Guy Barnard, Tim Gibson and Greg Kuhl from the Global Property Equities Team discuss how COVID-19 is impacting the rental residential sector from both a landlord and tenant perspective and the longer-term investment case for the sector.
- Residential rent collection levels to date have been stable, highlighting the general durability of the residential sector even during times of crisis.
- While the regulatory landscape will evolve and may prove unpredictable, the team hopes the high levels of service and commitment to tenant welfare demonstrated during the crisis will create a more balanced debate.
- The residential sector’s needs-driven characteristics, generally high levels of tenant retention, and tech-enabled operating platforms may warrant a longer-term investment in the sector.
As the COVID-19 pandemic unfolds, the share prices of many property companies that are focused on rental residential housing have declined alongside other income-producing commercial real estate investment trusts (REITs) due to future concerns regarding tenant payment rates and the outlook for market rents. Global shelter-in-place/lockdown orders are leading to unprecedented economic disruption, yet significant government stimulus programmes seem to have provided funds to meet the basic needs for the majority of those experiencing hardship. In the US, data from the National Multifamily Housing Council Survey's rent tracker shows that monthly residential rent collection levels at the end of April stood at 95% (close to the 98% in April 2019), and collection trends look to be improving through early May. This data appears to underscore the durability of the residential sector even during times of crisis. Likewise, in Germany listed residential landlords have noted little impact on rent collection and are still projecting rental growth this year, continuing a stable trend for many years, including through the Global Financial Crisis (see following chart).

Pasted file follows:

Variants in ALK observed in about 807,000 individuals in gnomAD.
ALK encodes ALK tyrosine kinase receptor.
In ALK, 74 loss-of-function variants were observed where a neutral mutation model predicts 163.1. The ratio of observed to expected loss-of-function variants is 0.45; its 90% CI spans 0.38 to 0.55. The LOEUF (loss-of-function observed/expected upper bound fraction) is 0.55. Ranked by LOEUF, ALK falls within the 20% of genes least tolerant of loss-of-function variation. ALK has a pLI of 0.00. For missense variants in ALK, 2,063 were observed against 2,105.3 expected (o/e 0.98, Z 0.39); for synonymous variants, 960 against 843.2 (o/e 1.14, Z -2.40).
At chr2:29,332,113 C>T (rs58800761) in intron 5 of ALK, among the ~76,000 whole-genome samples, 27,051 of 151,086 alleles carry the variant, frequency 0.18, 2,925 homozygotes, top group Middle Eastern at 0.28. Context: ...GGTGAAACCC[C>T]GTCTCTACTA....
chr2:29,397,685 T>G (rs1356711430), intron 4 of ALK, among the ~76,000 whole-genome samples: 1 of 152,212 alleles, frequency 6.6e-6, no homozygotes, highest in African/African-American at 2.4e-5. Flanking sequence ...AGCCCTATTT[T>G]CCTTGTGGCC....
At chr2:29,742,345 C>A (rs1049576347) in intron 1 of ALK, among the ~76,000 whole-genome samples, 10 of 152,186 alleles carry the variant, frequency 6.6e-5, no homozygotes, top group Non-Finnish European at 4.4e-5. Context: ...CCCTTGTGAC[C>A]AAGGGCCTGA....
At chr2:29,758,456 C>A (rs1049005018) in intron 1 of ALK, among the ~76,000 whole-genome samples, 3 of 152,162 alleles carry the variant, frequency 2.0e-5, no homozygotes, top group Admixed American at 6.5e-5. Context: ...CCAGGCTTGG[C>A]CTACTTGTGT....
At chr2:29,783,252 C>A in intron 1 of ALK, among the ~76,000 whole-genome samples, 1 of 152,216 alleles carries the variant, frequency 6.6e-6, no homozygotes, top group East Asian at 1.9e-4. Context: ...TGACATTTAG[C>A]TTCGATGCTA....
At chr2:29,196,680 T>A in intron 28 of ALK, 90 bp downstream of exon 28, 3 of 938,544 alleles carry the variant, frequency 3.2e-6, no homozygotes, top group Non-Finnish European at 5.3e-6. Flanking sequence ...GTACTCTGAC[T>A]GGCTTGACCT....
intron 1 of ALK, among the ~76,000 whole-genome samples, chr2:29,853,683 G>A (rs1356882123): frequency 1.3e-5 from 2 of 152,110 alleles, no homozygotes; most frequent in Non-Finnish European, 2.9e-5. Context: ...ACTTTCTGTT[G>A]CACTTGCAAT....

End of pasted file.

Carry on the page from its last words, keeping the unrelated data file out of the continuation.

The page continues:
German residential rents versus GDP volatility
Source: Statistisches Bundesamt, OECD, Morgan Stanley Research, as at 31 March 2020. Past performance is not a guide to future performance.
We have seen many apartment landlords commendably establish hardship relief programmes to aid tenants. This can be in the form of temporary rent deferral arrangements, flexible payment plans in the short term, as well as not raising rents. Furthermore, some companies are safely meeting the needs of prospective residents via technologically-enabled self-guided and virtual touring, and paperless contracts, facilitating contactless leasing. We have seen evidence that occupancy levels appear to be proving stable through the current economic downturn; several companies recently reported an increase in retention levels — more residents choosing to renew leases versus moving out, and an improvement in new leasing trends following a slowdown in early April.
Although we remain constructive on the prospects of residential landlords, the regulatory environment warrants monitoring. Since late March, many countries have put in place eviction moratoriums, preventing landlords from evicting tenants even in the event of non-payment; the duration of which remains unclear. Additionally, we have seen the limited availability of moderately-priced housing become an issue in many cities around the world, with the current crisis further highlighting the importance of providing homes for key workers such as healthcare workers and teachers. This has led some cities to implement rent controls to restrict levels of rental growth. While the regulatory landscape will evolve and may prove unpredictable, the high levels of service and commitment to tenant welfare demonstrated during the crisis by professionally-managed landlords will, we hope, create a more balanced debate.
So, while many of us are eager to spend more time outside of our homes, the residential sector’s needs-driven characteristics, generally high levels of tenant retention, and technology-enabled operating platforms may warrant a longer- term ‘stay’ in homes for property investors.